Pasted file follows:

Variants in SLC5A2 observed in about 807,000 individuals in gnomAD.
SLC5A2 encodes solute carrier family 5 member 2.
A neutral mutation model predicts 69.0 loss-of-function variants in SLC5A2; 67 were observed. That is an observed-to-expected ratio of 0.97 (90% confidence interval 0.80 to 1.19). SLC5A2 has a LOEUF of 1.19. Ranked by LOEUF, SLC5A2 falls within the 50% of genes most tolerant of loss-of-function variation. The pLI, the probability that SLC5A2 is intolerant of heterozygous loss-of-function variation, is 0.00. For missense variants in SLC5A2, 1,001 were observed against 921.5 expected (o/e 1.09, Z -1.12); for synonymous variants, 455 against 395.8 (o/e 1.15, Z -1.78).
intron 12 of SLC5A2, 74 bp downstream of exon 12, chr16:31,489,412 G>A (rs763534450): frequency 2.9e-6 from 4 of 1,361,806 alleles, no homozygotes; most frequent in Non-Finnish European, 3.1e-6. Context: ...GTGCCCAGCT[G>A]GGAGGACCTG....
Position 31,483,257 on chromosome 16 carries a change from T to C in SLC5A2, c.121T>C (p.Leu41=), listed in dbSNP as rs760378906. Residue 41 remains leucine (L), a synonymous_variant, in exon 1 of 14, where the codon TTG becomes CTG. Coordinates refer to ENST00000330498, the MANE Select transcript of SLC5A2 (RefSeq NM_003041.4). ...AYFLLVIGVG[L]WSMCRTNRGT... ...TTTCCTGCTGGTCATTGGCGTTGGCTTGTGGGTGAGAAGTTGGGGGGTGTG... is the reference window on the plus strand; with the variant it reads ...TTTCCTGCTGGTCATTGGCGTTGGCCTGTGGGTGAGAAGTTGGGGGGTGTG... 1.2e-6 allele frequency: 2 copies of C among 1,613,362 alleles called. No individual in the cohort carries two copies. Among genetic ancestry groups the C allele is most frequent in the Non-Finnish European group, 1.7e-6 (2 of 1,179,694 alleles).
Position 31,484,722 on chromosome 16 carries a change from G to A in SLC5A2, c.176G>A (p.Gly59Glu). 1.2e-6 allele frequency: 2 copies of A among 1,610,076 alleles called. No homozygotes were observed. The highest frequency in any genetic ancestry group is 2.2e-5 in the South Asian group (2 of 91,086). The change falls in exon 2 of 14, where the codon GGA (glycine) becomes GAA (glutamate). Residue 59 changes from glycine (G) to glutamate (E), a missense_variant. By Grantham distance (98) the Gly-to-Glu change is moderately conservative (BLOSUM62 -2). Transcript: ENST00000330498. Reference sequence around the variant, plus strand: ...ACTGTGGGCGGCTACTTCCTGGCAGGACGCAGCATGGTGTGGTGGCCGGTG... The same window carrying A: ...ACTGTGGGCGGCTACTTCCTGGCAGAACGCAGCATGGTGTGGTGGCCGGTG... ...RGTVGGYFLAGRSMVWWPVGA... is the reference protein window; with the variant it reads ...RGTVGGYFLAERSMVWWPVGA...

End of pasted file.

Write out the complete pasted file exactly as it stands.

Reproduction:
Variants in SLC5A2 observed in about 807,000 individuals in gnomAD.
SLC5A2 encodes solute carrier family 5 member 2.
A neutral mutation model predicts 69.0 loss-of-function variants in SLC5A2; 67 were observed. That is an observed-to-expected ratio of 0.97 (90% confidence interval 0.80 to 1.19). SLC5A2 has a LOEUF of 1.19. Ranked by LOEUF, SLC5A2 falls within the 50% of genes most tolerant of loss-of-function variation. The pLI, the probability that SLC5A2 is intolerant of heterozygous loss-of-function variation, is 0.00. For missense variants in SLC5A2, 1,001 were observed against 921.5 expected (o/e 1.09, Z -1.12); for synonymous variants, 455 against 395.8 (o/e 1.15, Z -1.78).
intron 12 of SLC5A2, 74 bp downstream of exon 12, chr16:31,489,412 G>A (rs763534450): frequency 2.9e-6 from 4 of 1,361,806 alleles, no homozygotes; most frequent in Non-Finnish European, 3.1e-6. Context: ...GTGCCCAGCT[G>A]GGAGGACCTG....
Position 31,483,257 on chromosome 16 carries a change from T to C in SLC5A2, c.121T>C (p.Leu41=), listed in dbSNP as rs760378906. Residue 41 remains leucine (L), a synonymous_variant, in exon 1 of 14, where the codon TTG becomes CTG. Coordinates refer to ENST00000330498, the MANE Select transcript of SLC5A2 (RefSeq NM_003041.4). ...AYFLLVIGVG[L]WSMCRTNRGT... ...TTTCCTGCTGGTCATTGGCGTTGGCTTGTGGGTGAGAAGTTGGGGGGTGTG... is the reference window on the plus strand; with the variant it reads ...TTTCCTGCTGGTCATTGGCGTTGGCCTGTGGGTGAGAAGTTGGGGGGTGTG... 1.2e-6 allele frequency: 2 copies of C among 1,613,362 alleles called. No individual in the cohort carries two copies. Among genetic ancestry groups the C allele is most frequent in the Non-Finnish European group, 1.7e-6 (2 of 1,179,694 alleles).
Position 31,484,722 on chromosome 16 carries a change from G to A in SLC5A2, c.176G>A (p.Gly59Glu). 1.2e-6 allele frequency: 2 copies of A among 1,610,076 alleles called. No homozygotes were observed. The highest frequency in any genetic ancestry group is 2.2e-5 in the South Asian group (2 of 91,086). The change falls in exon 2 of 14, where the codon GGA (glycine) becomes GAA (glutamate). Residue 59 changes from glycine (G) to glutamate (E), a missense_variant. By Grantham distance (98) the Gly-to-Glu change is moderately conservative (BLOSUM62 -2). Transcript: ENST00000330498. Reference sequence around the variant, plus strand: ...ACTGTGGGCGGCTACTTCCTGGCAGGACGCAGCATGGTGTGGTGGCCGGTG... The same window carrying A: ...ACTGTGGGCGGCTACTTCCTGGCAGAACGCAGCATGGTGTGGTGGCCGGTG... ...RGTVGGYFLAGRSMVWWPVGA... is the reference protein window; with the variant it reads ...RGTVGGYFLAERSMVWWPVGA...